Starting this review I promise to seriously listen to one of the most strange records that I ever sat through from beginning to end. What to make from this collage of sounds, pieces of text, weird effects? The way the album starts seems designed to repel. Dark, ominous drones, pulses that are unleashed on the non-suspecting listener. Over the drones Walker proclaims lyrics, while snippets of instruments come in to and go out of the mix. ''See you don't bump his head'' is beyond a traditional song, but just a stepping stone to the rest of the album.
'Corps de blah' is a collage that vaguely reminds me of 'Suzy Creamcheese' kind of Frank Zappa songs, but only in the most polite way. The funny thing is that in fragments of the song Walker does allow us to hear what the song would have sounded like if he'd aimed for a more conventional record. It makes me wonder how these songs started. Just on a guitar or piano? After which the song must have been deconstructed, cut up, glued, instruments recorded but for the better part left out and others added at the most surprising moments? It must be something like this as I can't imagine coming up with songs this way out of the blue.
Scott Walker broke through in 1965 with The Walker Brothers: 'Make it easy on yourself', followed in 1966 by their greatest hit 'The sun ain't gonna shine any more'. All in a very Phil Spector wall of sound like production and Scott's deep, theatrical voice. In 1976 there was a comeback album with the hit 'No regrets'. Scott, born Scott Engel in 1943, resumed his solo career, that he had started in 1967. Bish Bosch is his fourteenth solo album but only his third since 1984. His voice has grown older and is less strong, half of the time not really singing, but declamating or singing like a priest in church. Frail, like his image in recent pictures I found on the Internet. There's a similarity to Lou Reed's faded voice here.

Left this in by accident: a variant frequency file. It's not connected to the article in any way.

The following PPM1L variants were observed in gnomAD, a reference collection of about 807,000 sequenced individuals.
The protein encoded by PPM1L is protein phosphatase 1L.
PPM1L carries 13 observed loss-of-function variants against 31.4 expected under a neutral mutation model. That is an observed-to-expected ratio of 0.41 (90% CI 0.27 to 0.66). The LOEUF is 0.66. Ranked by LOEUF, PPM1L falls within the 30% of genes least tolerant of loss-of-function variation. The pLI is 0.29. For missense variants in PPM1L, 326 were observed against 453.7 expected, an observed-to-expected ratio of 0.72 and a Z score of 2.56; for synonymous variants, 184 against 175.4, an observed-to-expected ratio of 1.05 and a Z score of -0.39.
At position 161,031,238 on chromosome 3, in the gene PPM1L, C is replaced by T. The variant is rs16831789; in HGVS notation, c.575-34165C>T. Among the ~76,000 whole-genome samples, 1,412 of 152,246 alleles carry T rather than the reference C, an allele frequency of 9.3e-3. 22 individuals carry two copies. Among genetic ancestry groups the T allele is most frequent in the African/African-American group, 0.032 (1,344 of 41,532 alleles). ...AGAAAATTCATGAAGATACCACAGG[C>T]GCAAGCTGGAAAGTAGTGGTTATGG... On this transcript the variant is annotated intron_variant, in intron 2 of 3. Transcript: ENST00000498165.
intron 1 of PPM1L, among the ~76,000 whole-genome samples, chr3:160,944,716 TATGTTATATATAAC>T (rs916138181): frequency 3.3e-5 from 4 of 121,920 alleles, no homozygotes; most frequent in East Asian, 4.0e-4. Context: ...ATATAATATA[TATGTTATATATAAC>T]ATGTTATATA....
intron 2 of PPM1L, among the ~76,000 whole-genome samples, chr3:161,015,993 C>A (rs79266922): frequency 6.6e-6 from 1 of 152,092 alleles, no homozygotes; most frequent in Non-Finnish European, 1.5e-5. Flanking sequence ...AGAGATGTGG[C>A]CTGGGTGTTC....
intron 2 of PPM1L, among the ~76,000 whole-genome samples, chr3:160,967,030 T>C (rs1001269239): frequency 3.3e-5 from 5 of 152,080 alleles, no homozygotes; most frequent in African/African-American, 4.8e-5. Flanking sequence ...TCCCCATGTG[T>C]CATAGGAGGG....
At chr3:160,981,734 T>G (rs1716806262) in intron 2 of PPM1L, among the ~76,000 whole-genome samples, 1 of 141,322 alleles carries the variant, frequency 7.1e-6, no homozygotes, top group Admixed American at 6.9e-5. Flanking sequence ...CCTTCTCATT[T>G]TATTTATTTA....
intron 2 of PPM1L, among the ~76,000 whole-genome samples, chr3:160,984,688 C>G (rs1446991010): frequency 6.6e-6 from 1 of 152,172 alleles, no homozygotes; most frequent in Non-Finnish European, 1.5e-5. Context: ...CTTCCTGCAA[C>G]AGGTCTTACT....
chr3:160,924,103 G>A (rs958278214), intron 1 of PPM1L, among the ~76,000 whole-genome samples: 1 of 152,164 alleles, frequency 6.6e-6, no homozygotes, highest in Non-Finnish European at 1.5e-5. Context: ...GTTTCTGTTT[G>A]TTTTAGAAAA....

If I'm honest I do not enjoy Bish Bosch, but a fair guess is that this album is not here to please. It does impress me, in a way 'Kid A' impressed me, but I have almost never listened to that album again. This music confronts and overwhelms. It is music that demands the highest form of concentrations to acknowledge what it is that is going on. The album as a whole is too much for me to sit through all in once. The songs are soundscapes over which we hear Walkers voice. A passage in 'Dimple' is moving, there, when the second voice comes in. The mood is directly destroyed by a harsh, sharp-edged digital sound. To change again to accompaniment by jazzy drums only to be exchanged very soon by an acoustic guitar. Short images of the song 'Dimple', the song that could have been that is, and then the soundscape sets in again estranging the listener, confusing, alarming. In 'Tar' a sound like two swords connecting makes up the main rhythm, all other sounds or instruments seem like the have nothing to do with what Walker declamates. Aliens to the song, but allowed in anyway.
The song that resembles "a song" most is the last, ninth, song on Bish Bosch. 'The day the "Conducator" died (An Xmas song) is bare, but almost seems like a "normal" song after the sonic experimentations we have heard in the eight songs before it. The sleigh bells are all around and the end will sound very familiar to all familiar with Christmas, as if Scott Walker makes up for all that went on before.
Bish Bosch could not be further away from the songs of Scott Walker that come by on radio stations every once in while, with 'Jacky' and 'Mrs. Murphy' as most well known solo songs. Bish Bosch is too far out to look at as pop music, for entertainment, but it is very special. With compliments to his record company for the audacity to release an album like this in these days. I will not play Bish Bosch often, but, yes, I am an experience the wiser and left behind in awe.
You can order Bish Bosch here